How to master backlog refinement meetings

Atlassian By Atlassian
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For Agile software development teams, maintaining a consistent understanding of the scope and context of the product is critical. Products already released to market often have a large backlog of user stories yet to be developed. Agile teams draw from the product backlog when planning sprints, and the condition of the backlog plays a significant role in the overall success of the product. 

In simple terms, backlog refinement is about keeping the product backlog up to date. Backlog refinement meetings, also known as “sessions,” are the events that allow a team to update and prepare the backlog for an upcoming sprint.   

A product backlog can be large and difficult to manage. But for good Agile project management, it is essential to master backlog refinement meetings. 

This article provides proven strategies for conducting backlog refinement meetings that keep your backlog current, clean, and organized. It explains why backlog refinement sessions are important, how to run efficient sessions, and helpful tips Agile teams have learned along the way.

The purpose of backlog refinement sessions

A backlog refinement meeting is when a project team meets to review, update, and clean its product backlog. It is crucial in any Agile methodology, as it clarifies the team’s workload for a future sprint. These meetings aim to maintain two sprints worth of items in the backlog so the team always has a fresh supply of work and can pivot to new tasks when requirements change.

“However, it is important to remember that backlog refinement meetings are not just about reviewing new work – they are also about removing backlog items that are no longer necessary,” explains Atlassian’s Modern Work Coach Mark Cruth. “If you ever feel tempted to “cancel” a backlog refinement meeting because there is no new work, consider asking yourself whether there is any work in the backlog that the team should consider removing, and bring those stories into the refinement meeting.”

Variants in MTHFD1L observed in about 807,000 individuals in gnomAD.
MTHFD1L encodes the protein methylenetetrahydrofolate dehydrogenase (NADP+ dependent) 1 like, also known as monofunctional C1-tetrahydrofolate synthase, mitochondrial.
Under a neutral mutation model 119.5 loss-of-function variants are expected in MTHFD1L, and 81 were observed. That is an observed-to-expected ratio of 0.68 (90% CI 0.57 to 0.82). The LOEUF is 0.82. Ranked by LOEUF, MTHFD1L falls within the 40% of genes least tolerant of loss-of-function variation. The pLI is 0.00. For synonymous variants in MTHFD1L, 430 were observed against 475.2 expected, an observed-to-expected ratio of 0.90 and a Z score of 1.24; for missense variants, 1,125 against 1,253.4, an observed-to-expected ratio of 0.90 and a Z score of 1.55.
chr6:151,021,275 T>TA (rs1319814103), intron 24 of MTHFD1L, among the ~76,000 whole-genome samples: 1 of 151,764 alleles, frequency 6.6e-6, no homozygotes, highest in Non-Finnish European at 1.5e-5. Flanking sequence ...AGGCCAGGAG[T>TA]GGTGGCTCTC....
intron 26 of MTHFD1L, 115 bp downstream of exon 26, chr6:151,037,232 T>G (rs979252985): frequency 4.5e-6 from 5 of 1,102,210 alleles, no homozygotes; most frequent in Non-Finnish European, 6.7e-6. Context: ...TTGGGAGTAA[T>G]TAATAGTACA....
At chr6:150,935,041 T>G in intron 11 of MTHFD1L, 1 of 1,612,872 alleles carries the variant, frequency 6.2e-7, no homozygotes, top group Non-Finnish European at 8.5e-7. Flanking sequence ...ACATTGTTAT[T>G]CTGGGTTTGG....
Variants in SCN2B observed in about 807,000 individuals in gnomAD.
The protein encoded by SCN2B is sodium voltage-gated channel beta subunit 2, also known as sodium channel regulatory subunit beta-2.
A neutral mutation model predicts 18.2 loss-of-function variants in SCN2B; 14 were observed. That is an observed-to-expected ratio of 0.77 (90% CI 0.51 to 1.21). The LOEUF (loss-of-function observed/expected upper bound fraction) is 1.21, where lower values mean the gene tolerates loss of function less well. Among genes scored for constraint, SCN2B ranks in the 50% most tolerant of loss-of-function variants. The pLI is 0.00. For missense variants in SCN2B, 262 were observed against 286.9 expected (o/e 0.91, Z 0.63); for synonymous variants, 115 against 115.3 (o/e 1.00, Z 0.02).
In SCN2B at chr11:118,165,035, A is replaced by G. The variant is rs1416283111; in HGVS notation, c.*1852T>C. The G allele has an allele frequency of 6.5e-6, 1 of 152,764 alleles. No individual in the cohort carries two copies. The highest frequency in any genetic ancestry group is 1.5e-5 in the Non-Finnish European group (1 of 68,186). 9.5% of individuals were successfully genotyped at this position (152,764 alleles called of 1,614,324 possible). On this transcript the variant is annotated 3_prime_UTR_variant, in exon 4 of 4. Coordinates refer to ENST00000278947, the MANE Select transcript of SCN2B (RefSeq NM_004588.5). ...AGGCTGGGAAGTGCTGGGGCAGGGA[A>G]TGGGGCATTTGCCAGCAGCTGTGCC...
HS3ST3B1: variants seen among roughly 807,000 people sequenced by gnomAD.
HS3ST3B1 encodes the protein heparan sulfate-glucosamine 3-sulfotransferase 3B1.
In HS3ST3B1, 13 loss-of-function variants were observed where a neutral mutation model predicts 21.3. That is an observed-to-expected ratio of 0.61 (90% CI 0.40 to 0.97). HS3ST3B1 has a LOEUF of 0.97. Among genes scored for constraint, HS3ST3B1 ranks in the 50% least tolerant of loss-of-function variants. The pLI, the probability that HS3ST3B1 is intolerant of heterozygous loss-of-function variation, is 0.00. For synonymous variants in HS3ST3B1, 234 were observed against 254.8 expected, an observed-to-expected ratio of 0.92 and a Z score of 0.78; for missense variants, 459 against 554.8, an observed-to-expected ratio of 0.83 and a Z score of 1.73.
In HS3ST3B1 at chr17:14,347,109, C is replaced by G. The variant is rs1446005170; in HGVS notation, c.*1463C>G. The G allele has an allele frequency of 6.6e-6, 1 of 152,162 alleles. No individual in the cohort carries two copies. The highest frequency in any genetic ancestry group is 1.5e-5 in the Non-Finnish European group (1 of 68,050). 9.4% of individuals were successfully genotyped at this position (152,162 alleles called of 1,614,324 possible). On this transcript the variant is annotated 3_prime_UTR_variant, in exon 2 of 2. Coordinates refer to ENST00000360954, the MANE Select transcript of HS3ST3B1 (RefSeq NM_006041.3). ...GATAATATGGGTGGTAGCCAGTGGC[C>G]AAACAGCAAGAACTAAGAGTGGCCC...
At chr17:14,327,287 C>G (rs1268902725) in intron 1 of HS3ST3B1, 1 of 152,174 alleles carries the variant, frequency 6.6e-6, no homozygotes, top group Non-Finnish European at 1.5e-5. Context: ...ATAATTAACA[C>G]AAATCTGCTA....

In a backlog refinement meeting, like in sprint planning, product owners and development team members discuss each backlogged item, clarify its requirements, and assess its priority and complexity, resulting in a more clearly defined and actionable list of items to work on. 

By regularly conducting backlog refinement sessions, the team can ensure the development process remains agile and responsive to changing needs and priorities. Such dynamic environments require collaboration and project tracking tools like Jira, which has a backlog feature, to help managers make those changes for their teams at large.

How to run an efficient backlog refinement meeting

Agile project management begins with efficient backlog refinement meetings. The following steps will help you create a smooth and repeatable process that assembles the right people, sets expectations, prioritizes and evaluates items, and defines the next steps.

1. Review and prioritize backlogged items

Before the backlog refinement meeting can take place, the product owner needs to do an initial review of existing product backlog items (such as user stories, features, or tasks) and remove those that are no longer relevant. As a product evolves and feature requirements change, some items will no longer fit the project vision. The product owner should also implement feedback from previous sprint reviews and clear items the team decides to remove. 

The product owner should then prioritize all items that remain in the backlog, knowing this prioritization may change as the team deliberates on each item at the meeting.

“Finally, the product owner should send out the list of stories they would like to review with the team at least 24 hours before,” suggests Cruth. “This allows the team to review the list and prepare questions. By doing so, you avoid bringing the story into refinement multiple times.”

2. Create and share the meeting agenda

Like any meeting in a project management context, an agenda is essential to keep discussions on topic. Product owners can create the backlog refinement meeting agenda and collaborate with relevant team members, allowing them to give early feedback and time estimates on the items and prepare for the upcoming topics.